Bunions treatment aims to reduce the pain, deformity and daily impact of bunions as well as preventing progression of the condition.
Foot bunions develop when the toe changes position, gradually pushing inwards which creates a hard, painful lump on the side of the foot.
Most often it is the big toe that is affected, known as hallux valgus, but in some cases they develop on the little toe, known as bunionettes.
Bunions treatment aims to reduce the symptoms associated with bunions such as pain and swelling, as well as preventing the progression of the deformity. Whilst there is no specific cure for bunions there are a number of things that can really help.
Here, we will start by looking at a whole range of non-surgical bunions treatment. We will then go on to look at the surgical options. If you want to know more about bunions and how they develop, visit the bunions overview.
Most of the time, non-surgical (conservative) foot bunions treatment can control the symptoms. Bunions treatment typically includes:
One of the most common causes of hallux valgus are wearing tight, narrow shoes or high heels. These tend to squash the toes and push them inwards causing bunions to develop.
One of the simplest bunions treatments is to switch to flat, wide fitting shoes. This reduces the pressure on the area which not only helps relieve symptoms, it can also help slow or even halt the progression.
Whilst it might sound too good to be to true, studies have shown a real correlation between shoe wearing and the condition. In non-western countries where people either go barefoot, or wear unrestrictive footwear, the prevalence of bunions is approximately 3% of the general population. In western countries, the figure is ten times that with approximately 30% of the population affected.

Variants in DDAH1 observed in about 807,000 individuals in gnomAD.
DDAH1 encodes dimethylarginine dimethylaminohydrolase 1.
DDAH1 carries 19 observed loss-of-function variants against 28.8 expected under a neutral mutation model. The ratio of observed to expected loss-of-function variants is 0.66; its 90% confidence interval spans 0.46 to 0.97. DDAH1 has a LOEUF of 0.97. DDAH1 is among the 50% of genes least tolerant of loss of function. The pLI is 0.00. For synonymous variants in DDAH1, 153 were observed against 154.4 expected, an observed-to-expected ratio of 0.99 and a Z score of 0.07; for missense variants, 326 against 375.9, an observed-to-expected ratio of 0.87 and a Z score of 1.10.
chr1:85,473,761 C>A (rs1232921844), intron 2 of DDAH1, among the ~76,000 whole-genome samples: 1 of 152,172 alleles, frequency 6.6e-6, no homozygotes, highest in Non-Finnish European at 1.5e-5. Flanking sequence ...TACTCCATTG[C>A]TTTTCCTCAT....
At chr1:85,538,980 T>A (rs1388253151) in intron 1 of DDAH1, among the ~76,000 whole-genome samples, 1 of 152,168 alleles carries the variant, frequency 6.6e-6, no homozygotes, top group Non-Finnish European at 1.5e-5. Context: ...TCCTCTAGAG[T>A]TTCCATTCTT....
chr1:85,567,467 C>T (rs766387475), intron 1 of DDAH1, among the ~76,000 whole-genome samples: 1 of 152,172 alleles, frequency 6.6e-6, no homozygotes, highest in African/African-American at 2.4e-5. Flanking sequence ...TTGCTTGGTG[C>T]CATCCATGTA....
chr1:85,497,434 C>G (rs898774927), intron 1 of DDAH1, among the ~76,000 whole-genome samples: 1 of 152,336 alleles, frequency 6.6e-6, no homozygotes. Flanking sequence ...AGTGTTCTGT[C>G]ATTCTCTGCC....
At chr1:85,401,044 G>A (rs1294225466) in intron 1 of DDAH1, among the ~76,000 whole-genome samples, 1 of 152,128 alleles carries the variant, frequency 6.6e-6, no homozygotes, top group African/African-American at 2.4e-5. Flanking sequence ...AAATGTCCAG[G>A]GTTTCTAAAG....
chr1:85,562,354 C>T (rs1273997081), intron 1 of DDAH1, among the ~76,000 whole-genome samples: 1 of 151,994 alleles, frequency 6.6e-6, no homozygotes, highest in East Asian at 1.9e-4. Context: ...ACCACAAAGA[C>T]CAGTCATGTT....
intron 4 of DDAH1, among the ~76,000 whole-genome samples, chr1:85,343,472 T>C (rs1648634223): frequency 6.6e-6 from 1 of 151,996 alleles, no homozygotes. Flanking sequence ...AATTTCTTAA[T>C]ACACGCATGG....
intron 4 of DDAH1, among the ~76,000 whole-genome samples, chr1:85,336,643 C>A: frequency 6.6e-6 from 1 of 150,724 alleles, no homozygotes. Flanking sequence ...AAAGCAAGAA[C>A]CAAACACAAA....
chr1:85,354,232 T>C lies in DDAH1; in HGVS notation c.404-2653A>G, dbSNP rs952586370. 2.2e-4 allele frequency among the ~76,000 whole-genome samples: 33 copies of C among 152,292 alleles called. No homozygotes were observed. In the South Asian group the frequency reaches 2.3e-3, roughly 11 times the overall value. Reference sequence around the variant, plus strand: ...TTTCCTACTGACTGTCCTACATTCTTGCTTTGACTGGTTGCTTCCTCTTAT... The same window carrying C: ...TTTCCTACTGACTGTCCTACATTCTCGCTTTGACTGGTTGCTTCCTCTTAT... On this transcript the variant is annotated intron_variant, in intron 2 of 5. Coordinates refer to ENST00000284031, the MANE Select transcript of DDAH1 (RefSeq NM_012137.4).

Toe stretchers are also good bunions treatments. They fit in-between the toes, helping to spread them apart and to stretch the muscles and ligaments around the toes. This helps to improve the alignment and flexibility of the toes and to relieve pain. Toe stretchers are designed to be used when you are sitting down or sleeping, rather than for when you are up and about.
There are a whole range of toe stretchers out there from gel ones to comfy stretcher socks. You can find out more about how these work and read user reviews in the Toe Stretcher section.
You doctor may prescribe or recommend over-the-counter medication to reduce the pain and inflammation as part of your bunions treatment. Whilst medication isn't a cure for hallux valgus, it can help reduce the symptoms to allow you to get on with your normal activities.
There are a number of over-the-counter shoe orthotics that can help relieve the symptoms of bunions.
Bunion splint correctors work by realigning the bones in your foot, straightening out the toe, as shown in this x-ray. This helps to reduce pressure on the affected toes and relieve pain.
There are various different types of corrector splints on the market including ones for daytime use and others for night-time wear - find out loads more in the bunion splint section.